Reickert explains the whole process of what is required to sail around the world in comfort and style: the essential skills, the selection of a boat that is up to the task, the necessary equipment, and the planning required for world cruising. Costs are discussed as well as the type of ownership, taxes, insurance, and governmental requirements. The nitty-gritty of maintenance and provisioning are covered. Weather and heavy weather sailing are presented based on first-hand experience. Cruising risks, including pirates, are laid bare. All of this is supported with examples of the author’s experience.

 

A Member Is Worth a Thousand Visitors: A Proven Method for Making More Money Online
by Rob Ristagno (MBA 2005)
Independently published
Ristagno guides you step-by-step through the five forces of dramatic online revenue growth and shows why it is vital to identify your very best customers and focus relentlessly on their wants and needs.

 

Digital Resilience: Is Your Company Ready for the Next Cyber Threat?
by Ray Rothrock (MBA 1988)
Amacom
Rothrock lays bare tactics used by hackers, vulnerabilities lurking in networks, and strategies not just for surviving attacks but also for thriving even while under assault. This book helps businesses understand the threats they face, assess the resilience of their networks against attacks, identify and address weaknesses, and respond to data theft swiftly and effectively.

 

Fusion Leadership: Unleashing the Movement of Monday Morning Enthusiasts
by Dudley R. Slater (MBA 1985) and Steven T. Taylor
Greenleaf Book Group Press
Seventy percent of US workers hate their jobs and don’t want to show up on Monday morning, and Slater lays some of the blame for this at the doors of leaders: When their selfish actions diminish the effectiveness of their teams, they commit the ultimate failure in leadership. But when leaders learn how to successfully balance the needs of their egos with the collective needs of their organizations, they can see increased profits and a workforce unified around a common goal.

 

The War on Error: A Hospital Field Manual
by W.T. Subalusky (AMP 112, 1993)
WT Subalusky
Hundreds of thousands of people are seriously injured or die every year from avoidable medical errors. This field manual provides practical guidance on how hospital patients and their advocates can avoid those errors by taking up a weapon and bringing the fight to the enemy.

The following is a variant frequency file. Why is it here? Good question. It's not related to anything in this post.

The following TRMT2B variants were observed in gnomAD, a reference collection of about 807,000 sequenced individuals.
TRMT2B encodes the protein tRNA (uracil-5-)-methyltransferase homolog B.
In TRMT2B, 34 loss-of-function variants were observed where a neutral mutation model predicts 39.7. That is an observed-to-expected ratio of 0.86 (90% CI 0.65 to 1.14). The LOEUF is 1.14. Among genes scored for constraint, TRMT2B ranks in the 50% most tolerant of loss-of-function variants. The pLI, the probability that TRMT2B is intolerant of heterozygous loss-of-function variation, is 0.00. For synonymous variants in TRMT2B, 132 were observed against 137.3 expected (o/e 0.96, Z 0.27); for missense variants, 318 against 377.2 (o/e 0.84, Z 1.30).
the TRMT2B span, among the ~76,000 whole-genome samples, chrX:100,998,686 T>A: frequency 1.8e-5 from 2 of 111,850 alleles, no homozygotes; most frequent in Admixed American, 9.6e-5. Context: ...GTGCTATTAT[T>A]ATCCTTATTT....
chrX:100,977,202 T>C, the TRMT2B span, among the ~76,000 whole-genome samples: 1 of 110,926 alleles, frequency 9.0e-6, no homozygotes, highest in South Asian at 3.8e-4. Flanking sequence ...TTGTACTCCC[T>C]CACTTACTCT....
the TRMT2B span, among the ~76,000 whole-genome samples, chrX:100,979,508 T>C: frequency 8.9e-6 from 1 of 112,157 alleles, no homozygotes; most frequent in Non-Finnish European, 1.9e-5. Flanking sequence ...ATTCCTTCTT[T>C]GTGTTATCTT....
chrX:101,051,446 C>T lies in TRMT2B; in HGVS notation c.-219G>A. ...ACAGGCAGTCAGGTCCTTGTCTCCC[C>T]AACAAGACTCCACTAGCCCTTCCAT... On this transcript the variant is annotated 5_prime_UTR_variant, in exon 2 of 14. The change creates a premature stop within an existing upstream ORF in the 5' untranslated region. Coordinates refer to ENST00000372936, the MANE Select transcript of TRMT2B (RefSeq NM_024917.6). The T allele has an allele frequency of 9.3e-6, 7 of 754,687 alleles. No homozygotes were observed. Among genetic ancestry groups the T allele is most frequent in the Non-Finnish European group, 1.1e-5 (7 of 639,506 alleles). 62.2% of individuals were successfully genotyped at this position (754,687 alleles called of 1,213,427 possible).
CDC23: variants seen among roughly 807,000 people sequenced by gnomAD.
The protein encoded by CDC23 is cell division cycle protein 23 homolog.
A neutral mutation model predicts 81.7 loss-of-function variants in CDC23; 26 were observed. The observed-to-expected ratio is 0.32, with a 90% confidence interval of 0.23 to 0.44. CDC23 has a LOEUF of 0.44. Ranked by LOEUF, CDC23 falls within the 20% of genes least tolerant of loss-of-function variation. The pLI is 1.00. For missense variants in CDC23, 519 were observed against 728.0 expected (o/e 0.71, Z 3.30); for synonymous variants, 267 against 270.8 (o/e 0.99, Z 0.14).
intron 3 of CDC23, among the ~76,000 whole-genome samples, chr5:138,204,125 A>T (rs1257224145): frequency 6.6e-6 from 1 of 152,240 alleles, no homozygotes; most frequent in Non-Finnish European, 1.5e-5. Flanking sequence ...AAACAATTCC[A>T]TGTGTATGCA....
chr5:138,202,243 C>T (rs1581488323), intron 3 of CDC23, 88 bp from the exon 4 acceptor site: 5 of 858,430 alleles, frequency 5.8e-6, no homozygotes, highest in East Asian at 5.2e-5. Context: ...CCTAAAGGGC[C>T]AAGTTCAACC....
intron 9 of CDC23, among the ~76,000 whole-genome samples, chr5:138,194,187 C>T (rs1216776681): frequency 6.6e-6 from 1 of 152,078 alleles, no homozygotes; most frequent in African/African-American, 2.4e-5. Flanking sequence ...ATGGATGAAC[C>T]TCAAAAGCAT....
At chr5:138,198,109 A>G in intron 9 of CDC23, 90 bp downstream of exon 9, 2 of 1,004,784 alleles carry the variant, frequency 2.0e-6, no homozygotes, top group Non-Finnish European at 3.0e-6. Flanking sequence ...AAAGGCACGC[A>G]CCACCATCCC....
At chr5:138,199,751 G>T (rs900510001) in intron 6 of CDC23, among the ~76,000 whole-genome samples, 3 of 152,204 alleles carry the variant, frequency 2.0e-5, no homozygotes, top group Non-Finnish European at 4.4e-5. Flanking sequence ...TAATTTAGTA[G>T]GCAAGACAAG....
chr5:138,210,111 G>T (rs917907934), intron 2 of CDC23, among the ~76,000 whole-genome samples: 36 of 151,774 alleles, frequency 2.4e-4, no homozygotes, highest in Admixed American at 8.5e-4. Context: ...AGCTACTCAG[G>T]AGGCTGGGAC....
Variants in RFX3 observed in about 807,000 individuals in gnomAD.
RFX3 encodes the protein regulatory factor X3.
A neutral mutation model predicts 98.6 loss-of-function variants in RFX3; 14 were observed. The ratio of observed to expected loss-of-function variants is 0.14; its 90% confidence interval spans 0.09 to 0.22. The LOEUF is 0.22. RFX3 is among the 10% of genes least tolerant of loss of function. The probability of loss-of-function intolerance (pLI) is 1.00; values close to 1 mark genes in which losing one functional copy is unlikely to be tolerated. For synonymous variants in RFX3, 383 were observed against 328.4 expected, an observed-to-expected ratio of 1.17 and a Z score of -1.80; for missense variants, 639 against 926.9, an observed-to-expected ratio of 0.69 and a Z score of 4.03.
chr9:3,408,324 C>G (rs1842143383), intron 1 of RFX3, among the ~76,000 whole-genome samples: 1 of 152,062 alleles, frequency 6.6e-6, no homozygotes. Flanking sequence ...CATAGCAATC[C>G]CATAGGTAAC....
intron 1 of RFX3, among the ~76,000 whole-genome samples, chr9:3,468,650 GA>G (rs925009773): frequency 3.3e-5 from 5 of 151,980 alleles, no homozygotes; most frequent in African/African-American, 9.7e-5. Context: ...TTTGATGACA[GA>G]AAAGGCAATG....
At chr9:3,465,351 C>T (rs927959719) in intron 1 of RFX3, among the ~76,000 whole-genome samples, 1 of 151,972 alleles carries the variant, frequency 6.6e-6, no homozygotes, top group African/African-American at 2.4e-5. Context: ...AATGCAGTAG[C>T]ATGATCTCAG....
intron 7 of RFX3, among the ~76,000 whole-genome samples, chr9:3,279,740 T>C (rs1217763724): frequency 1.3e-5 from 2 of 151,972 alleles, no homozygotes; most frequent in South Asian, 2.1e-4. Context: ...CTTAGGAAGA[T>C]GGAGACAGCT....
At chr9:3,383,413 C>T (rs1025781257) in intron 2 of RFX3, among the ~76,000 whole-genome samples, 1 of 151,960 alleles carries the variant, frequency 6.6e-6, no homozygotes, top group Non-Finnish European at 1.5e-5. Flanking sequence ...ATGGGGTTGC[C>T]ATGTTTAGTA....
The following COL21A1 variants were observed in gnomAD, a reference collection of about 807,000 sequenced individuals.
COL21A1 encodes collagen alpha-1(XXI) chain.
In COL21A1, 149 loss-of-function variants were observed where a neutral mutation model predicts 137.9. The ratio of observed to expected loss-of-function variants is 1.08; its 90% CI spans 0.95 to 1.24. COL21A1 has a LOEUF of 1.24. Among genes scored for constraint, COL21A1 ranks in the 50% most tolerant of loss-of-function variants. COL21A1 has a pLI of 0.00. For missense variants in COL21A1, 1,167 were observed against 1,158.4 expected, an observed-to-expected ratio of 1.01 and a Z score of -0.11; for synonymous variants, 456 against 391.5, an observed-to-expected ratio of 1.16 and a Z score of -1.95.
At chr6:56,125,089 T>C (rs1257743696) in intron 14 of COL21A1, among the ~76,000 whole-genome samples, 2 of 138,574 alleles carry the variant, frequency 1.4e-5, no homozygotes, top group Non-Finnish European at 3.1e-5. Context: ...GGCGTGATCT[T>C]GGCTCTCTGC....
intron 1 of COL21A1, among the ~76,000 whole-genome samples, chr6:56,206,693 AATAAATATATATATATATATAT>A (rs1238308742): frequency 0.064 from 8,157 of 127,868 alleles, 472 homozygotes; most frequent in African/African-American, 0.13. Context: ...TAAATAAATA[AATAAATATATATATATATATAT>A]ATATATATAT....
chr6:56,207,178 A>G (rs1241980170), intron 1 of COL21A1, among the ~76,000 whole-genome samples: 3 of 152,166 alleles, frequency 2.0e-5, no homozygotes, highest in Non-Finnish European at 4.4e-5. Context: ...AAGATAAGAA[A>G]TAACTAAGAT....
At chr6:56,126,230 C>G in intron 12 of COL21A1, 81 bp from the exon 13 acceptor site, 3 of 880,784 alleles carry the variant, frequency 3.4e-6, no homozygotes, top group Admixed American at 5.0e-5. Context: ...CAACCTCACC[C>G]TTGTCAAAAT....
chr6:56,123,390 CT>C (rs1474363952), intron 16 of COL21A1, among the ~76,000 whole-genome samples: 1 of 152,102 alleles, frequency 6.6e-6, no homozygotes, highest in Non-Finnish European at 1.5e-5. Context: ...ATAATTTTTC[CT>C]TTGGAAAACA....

48 Peaks: Hiking and Healing in the White Mountains
by Cheryl Suchors (MBA 1977)
She Writes Press
Floundering in her second career, Suchors decided that, despite a fear of heights, her midlife success depended on hiking 48 of the highest White Mountains in New Hampshire. She endured injuries, novice mistakes, the loss of a best friend, and breast cancer while seeking solace and recovery in the wild. Connecting with friends and with nature, she eventually redefined success, discovering a source of spiritual nourishment in spaces powerful enough to absorb her grief and joy in the persistence of love and beauty.

 

Detonate: Why—and How—Corporations Must Blow Up Best Practices (and Bring a Beginner’s Mind) to Survive
by Geoff Tuff (MBA 2000) and Steven Goldbach
Wiley
Tuff explains how organizations built up bad habits, identifies which ones masquerade as “best practices,” and suggests alternatives that can contribute to winning in the marketplace. The book’s core themes challenge how you think about and approach problems, and its case studies illustrate the challenges you face and how to overcome them.

 

Attentive Leadership: Lead with a Healthy Self-Image
by Flooris van der Walt (AMP 173, 2007)
CreateSpace Independent Publishing Platform
We can be attentive leaders only when we intimately know our own strengths and weaknesses and know how they are expressed in behavior toward others. We can be authentic leaders only when we are able to thoughtfully compensate for our weaknesses and manage them wisely. The main aim of this book is to focus on developing a completely attainable, healthy self-image in leaders who are excited and driven to take up the challenge of developing a more authentic leadership style.

 

Faculty Books


Food Citizenship: Food System Advocates in an Era of Distrust
by Ray A. Goldberg
Oxford University Press